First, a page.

“Some organizations know HOW they do it. These are the things that make them special, or set them apart from their competition”
To me, HOW represents your general approach to any given scenario. For example, you might be an expert coder, but HOW you code might look like working smarter, not harder.
You might always be looking to reuse previous code to save time and energy. You could be the person asking questions like:
- “Why are we developing this in the first place?”
- “What’s the return on investment?”
- “Do we have anything that can already do this?”
- “What does the maintenance of this code look like?”
Your HOW really gets deeper into your perspective, and the manner in which you perform different actions and skills. These are things that are harder to teach and are frankly much more valuable to the interviewers than you might realize.
There’s that old saying that “the only thing college really taught me was how to learn” and I think that perfectly sums up the HOW ring of this circle. Sure you’re going to want to sell your skills, but take a deliberate effort to sell your perspective and approach to those skills as you go through your interview responses.
Your WHY (Center Ring)
Finally, we move to the center of the circle, your WHY. Let’s go back to the golden circle.
“Very few organizations know WHY they do what they do. WHY is not about making money. That’s a result. WHY is a purpose, cause, or belief. It’s the very reason your organization exists.”
Here I think things line up pretty well between an organizational why and a personal why. Just like making money should be an incidental result for an organization, so too should making money simply be an incidental result for us, not our main purpose.
Now I’m not naive, I get that most of us work solely for the money, but there are soul-sucking jobs and jobs that inspire you to work long hours just to see the job done correctly.
The difference between the two is how closely your WHY lines up with the WHY of the organization. From your perspective, finding a company that matches your WHY is going to be what allows you to enjoy going to work every day and brings you fulfillment.
One of the best things we can do for our continued career progression is to reflect on our purpose and values so that we can seek out those companies that align with our WHY.
But maybe right now you’re not as concerned with finding your dream job as you are with landing a job that you’re applying for right now. For that, we need to take a look at the WHY from the company’s perspective.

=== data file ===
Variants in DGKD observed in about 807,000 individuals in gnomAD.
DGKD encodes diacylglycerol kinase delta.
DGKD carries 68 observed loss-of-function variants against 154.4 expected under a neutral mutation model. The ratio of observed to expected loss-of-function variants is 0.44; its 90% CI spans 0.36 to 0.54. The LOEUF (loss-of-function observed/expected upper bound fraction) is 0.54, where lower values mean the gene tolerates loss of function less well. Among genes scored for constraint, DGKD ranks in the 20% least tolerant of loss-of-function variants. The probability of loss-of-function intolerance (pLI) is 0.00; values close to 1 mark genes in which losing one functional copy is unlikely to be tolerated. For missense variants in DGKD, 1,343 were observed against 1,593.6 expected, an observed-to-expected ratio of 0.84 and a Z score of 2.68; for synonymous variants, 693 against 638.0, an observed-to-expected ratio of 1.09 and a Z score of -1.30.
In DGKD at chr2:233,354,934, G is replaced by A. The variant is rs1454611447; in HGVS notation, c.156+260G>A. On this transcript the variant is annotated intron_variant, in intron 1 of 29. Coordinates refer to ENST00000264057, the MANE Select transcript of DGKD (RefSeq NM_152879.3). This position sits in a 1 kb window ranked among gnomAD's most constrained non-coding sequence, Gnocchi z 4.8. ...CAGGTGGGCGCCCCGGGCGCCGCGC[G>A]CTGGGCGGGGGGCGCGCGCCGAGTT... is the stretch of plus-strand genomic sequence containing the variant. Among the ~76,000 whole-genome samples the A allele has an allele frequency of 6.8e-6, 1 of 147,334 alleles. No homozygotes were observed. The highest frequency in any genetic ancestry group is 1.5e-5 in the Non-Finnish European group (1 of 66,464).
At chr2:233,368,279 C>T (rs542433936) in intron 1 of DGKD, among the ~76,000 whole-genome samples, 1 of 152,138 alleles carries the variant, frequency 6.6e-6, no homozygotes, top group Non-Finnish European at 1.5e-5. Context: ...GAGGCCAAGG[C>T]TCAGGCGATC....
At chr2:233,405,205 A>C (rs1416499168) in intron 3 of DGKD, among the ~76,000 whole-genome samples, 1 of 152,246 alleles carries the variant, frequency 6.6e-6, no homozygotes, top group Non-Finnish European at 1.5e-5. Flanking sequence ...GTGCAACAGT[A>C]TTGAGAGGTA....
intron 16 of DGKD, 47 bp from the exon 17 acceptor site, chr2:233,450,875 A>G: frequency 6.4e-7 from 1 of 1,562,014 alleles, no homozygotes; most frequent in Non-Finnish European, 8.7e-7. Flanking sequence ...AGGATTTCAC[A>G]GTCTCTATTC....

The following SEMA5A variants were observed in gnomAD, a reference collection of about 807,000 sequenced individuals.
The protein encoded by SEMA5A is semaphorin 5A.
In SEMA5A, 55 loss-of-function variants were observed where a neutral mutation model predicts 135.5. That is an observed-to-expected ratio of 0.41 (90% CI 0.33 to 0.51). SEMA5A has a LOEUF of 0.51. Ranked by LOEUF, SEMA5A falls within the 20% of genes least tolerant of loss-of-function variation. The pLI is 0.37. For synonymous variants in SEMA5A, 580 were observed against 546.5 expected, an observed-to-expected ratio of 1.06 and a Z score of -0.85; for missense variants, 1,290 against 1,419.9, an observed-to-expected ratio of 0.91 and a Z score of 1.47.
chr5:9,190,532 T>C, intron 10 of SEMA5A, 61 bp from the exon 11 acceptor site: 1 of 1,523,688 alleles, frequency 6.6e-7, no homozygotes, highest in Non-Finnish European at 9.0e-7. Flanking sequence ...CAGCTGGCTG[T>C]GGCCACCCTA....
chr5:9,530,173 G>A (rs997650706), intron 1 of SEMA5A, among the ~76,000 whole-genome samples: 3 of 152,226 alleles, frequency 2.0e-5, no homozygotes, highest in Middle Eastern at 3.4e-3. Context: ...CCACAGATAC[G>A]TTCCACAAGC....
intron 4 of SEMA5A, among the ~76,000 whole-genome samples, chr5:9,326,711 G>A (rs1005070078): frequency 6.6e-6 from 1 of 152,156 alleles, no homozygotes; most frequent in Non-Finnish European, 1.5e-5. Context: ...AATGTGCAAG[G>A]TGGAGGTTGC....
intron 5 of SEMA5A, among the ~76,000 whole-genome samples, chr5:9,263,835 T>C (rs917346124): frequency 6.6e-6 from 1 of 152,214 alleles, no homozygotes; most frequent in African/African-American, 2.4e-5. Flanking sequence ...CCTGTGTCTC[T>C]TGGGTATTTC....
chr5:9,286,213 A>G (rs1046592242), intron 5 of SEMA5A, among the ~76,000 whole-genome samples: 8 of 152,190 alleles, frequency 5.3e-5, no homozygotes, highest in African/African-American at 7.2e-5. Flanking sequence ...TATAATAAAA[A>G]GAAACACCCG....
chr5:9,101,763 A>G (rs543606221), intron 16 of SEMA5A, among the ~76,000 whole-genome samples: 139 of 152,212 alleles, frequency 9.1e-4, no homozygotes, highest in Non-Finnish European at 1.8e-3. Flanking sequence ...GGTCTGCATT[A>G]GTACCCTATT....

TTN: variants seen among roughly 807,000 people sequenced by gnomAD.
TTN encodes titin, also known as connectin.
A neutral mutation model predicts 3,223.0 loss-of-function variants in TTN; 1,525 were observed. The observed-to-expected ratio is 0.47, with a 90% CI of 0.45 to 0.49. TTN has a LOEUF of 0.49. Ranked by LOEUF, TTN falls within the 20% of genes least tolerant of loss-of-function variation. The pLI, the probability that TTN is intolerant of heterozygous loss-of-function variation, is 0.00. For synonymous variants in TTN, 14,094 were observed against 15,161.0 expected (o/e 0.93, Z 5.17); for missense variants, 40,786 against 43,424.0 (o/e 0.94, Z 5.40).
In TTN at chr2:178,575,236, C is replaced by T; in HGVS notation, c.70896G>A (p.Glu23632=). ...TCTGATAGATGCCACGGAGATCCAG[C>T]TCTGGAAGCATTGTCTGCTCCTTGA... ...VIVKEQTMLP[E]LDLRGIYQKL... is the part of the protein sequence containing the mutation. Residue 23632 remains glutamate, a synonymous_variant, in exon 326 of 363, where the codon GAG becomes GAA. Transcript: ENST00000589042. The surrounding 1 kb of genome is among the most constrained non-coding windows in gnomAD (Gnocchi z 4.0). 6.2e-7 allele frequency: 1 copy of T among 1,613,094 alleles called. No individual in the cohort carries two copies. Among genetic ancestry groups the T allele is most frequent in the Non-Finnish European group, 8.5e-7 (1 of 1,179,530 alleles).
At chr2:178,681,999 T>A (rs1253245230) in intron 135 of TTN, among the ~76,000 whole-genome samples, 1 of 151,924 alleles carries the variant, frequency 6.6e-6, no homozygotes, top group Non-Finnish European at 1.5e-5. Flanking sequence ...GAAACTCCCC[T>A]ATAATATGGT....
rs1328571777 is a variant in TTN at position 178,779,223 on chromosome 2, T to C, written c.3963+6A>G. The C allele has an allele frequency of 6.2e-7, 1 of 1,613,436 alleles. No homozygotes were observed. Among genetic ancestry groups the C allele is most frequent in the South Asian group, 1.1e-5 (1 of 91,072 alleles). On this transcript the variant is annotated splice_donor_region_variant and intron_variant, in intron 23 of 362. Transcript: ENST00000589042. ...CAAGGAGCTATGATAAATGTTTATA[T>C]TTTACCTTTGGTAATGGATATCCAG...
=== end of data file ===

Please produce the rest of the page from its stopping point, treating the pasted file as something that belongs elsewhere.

How To Use This Knowledge
From a company’s perspective, a candidate whose WHY closely aligns with the WHY of the company is an employee who is going to work extra hard, continuously learn, and inspire others to do the same.
As an employer, finding employees who have the same WHY as you is infinitely more valuable than somebody whose just in it for the paycheck.
That’s why you want to infuse your WHY into as many interview responses as you can. And when I say your why, I mean their WHY.
If you’re not sure what the company’s WHY is, go check out its mission, vision, and values. Try and take each of these and incorporate a little bit into your interview responses.
Incorporating your WHY is going to be easier in some of the more open-ended questions like “tell me about yourself” and “what are your career goals”, but can also be incorporated into your behavioral response questions by modifying the STAR format to seamlessly include your WHY (Check out everything you need to know about the STAR format and how to incorporate it into your response here).
WHAT: The skills that you have. These can be hard or soft skills. This is WHAT you do!
HOW: The way that you utilize those skills. This is HOW the things you do are better than anybody else.
WHY: Your core philosophies or beliefs behind your actions. Your driving force and reason for doing the things you do and being the way you are. These are your driving values that will align with the type of employee the hiring manager is looking for.
In nearly every interview question you’ll have the opportunity to share your HOW and WHAT, but in order to maximize your interview response, you’ll want to include your WHY as well.